Hi all,

Ok, I've just been trying to write a program that will convert MPH (miles per hour) into the number of minutes and seconds it takes that person to run one mile. This is what I have:

#include <iostream>
using namespace std;

int main()

  double  mph, count = 1;
  int mpm, seconds;

  cout << "\n";
  cout << "Program that converts MPH into minutes and seconds per mile." << endl;

  cout << "Please enter the MPH at which you were running: ";
  cin >> mph;
  cout << endl;

  mpm = mph / 60;

    mpm = mpm * 2;
    count = count + 1;
  while (mpm < 1);

  seconds = mpm % 60;

  cout << "You are running 1 mile in " << count << " minutes and " << seconds << " seconds.";
  cout << endl;

  return 0;


The compiler doesnt like the '%' in my code. Is that because it has to be an integer value to follow it? Also not too sure if i've opted for the simplest method to solve the problem.

Thanks in advance!

8 Years
Discussion Span
Last Post by Ancient Dragon

The mod operator doesn't work on doubles -- only integers. And why is mph a double? Your program isn't even using the fractional parts so you might as well make it an integer and that will solve the problem for you.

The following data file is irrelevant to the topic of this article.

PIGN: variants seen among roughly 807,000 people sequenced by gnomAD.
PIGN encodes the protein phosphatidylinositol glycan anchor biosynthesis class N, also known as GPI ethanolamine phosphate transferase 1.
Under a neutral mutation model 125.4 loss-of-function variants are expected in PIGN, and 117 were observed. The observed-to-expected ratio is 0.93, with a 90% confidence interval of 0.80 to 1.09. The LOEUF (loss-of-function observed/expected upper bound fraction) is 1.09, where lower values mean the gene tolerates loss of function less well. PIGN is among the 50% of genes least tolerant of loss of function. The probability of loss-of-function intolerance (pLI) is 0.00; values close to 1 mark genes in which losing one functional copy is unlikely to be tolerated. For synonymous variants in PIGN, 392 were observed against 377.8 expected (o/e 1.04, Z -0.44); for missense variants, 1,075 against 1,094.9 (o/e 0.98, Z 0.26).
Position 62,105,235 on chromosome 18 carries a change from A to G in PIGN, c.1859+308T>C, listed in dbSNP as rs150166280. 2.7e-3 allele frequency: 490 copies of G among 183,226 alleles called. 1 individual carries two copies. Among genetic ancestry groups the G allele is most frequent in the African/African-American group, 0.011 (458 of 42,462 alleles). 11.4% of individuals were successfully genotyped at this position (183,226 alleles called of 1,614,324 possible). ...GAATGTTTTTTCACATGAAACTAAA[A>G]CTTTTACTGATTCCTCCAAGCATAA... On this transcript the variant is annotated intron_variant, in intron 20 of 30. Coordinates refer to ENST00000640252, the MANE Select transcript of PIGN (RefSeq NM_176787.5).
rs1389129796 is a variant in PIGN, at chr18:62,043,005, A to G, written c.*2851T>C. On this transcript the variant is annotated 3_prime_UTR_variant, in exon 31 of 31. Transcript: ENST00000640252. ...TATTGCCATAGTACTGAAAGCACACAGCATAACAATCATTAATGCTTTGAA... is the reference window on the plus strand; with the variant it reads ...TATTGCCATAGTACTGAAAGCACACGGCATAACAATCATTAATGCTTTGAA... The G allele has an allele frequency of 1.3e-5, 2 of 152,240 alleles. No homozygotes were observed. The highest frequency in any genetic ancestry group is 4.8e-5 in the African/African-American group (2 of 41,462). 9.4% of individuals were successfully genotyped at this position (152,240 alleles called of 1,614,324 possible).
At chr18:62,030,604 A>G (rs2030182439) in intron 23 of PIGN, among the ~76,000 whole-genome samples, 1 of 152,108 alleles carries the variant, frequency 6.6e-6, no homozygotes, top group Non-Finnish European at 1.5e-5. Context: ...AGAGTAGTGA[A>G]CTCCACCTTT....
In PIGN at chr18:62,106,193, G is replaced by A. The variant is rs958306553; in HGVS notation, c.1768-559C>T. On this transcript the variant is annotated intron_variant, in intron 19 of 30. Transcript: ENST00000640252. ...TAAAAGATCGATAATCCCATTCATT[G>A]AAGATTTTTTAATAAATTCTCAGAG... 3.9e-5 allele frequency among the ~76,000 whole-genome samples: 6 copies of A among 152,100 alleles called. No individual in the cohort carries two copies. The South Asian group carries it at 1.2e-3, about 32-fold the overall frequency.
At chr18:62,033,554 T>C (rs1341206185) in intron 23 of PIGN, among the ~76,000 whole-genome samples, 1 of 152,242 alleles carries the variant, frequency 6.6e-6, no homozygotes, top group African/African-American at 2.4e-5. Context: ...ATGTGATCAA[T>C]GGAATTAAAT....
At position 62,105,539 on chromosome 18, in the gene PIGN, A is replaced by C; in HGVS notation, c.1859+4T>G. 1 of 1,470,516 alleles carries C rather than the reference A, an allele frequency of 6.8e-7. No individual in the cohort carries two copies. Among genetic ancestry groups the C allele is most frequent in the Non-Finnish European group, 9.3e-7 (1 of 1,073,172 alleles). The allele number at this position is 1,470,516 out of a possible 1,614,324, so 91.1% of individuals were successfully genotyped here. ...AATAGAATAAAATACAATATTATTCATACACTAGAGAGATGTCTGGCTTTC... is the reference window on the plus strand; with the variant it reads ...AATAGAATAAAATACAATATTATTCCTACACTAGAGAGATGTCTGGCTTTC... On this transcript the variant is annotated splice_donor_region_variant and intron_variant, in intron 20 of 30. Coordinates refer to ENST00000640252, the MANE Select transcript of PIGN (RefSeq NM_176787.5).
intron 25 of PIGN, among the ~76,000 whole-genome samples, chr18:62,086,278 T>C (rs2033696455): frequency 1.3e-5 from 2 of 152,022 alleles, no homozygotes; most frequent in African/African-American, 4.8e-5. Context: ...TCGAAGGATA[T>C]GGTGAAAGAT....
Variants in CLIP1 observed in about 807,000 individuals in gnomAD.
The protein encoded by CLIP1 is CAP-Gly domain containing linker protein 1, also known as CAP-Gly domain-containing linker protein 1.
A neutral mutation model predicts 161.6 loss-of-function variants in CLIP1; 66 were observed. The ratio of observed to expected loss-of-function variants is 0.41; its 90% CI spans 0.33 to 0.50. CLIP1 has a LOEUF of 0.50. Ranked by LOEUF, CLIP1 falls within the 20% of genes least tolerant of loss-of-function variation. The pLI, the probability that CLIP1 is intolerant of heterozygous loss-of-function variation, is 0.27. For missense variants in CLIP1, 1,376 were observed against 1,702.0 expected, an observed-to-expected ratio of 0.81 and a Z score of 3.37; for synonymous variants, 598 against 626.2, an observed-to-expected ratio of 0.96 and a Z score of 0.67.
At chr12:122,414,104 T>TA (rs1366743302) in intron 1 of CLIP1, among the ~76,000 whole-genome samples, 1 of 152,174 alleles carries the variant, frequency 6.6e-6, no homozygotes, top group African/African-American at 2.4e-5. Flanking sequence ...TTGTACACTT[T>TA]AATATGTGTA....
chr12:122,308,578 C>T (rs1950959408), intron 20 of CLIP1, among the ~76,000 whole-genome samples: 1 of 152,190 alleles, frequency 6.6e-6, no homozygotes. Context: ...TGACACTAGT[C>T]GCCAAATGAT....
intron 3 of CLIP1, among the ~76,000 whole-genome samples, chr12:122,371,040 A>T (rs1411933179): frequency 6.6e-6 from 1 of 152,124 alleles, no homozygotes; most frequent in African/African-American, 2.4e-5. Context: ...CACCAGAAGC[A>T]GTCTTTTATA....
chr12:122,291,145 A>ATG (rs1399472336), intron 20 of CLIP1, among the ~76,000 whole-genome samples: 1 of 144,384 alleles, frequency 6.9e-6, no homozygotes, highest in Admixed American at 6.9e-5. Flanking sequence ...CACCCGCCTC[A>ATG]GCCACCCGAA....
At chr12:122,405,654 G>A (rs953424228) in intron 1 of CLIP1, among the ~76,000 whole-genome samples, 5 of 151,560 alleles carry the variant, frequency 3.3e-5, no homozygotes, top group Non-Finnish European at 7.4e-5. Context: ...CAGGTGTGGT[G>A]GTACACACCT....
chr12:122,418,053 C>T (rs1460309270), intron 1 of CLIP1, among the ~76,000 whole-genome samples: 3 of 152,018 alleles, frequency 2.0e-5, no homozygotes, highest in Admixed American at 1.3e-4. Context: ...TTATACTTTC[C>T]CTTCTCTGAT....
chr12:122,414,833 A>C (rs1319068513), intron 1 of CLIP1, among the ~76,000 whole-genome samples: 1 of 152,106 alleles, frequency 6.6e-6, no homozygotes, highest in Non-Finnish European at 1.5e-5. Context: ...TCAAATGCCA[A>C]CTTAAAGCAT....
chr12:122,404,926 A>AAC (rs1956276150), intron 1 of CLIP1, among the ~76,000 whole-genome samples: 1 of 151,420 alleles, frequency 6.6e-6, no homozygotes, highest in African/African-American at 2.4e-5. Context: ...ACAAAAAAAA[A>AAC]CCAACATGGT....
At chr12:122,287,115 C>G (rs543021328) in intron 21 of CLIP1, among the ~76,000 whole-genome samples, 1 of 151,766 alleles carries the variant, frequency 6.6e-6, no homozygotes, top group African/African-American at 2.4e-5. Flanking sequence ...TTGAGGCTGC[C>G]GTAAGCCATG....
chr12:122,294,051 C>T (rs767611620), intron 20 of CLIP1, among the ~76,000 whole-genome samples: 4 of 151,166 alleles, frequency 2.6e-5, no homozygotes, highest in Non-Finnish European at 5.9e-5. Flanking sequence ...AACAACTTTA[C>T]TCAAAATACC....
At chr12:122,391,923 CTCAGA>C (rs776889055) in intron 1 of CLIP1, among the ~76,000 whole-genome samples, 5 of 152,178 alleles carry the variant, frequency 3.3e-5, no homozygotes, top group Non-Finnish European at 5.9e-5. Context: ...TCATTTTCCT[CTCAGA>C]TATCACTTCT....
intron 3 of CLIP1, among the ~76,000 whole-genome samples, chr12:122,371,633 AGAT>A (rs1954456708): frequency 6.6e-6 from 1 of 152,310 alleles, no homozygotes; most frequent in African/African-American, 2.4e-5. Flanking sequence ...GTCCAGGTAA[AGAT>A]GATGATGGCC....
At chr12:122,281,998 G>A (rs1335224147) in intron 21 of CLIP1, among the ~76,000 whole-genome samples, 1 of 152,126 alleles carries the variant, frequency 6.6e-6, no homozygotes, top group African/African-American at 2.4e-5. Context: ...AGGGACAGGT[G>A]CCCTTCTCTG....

Hi, thanks for the quick response. I have changed MPH to an int, only now, when I run the program, it doesn't run any further than prompting the user for MPH at the beginning...?!


Wrong it does, pick a number >= 60 it will work fine. mpm is an integer, integer's ignore and decimal places, so and number small that 60 when divided by 60 would make mpm equal to 0, thus 0*2 = 0, so the program continues to loop multiplying 0 by 2 until it reaches a number greater than one, which it won't.



Ah, that would explain it! If I were to make MPM a double though, then the '%' part would not work later in the program..?

So I would have to type cast it in some way?

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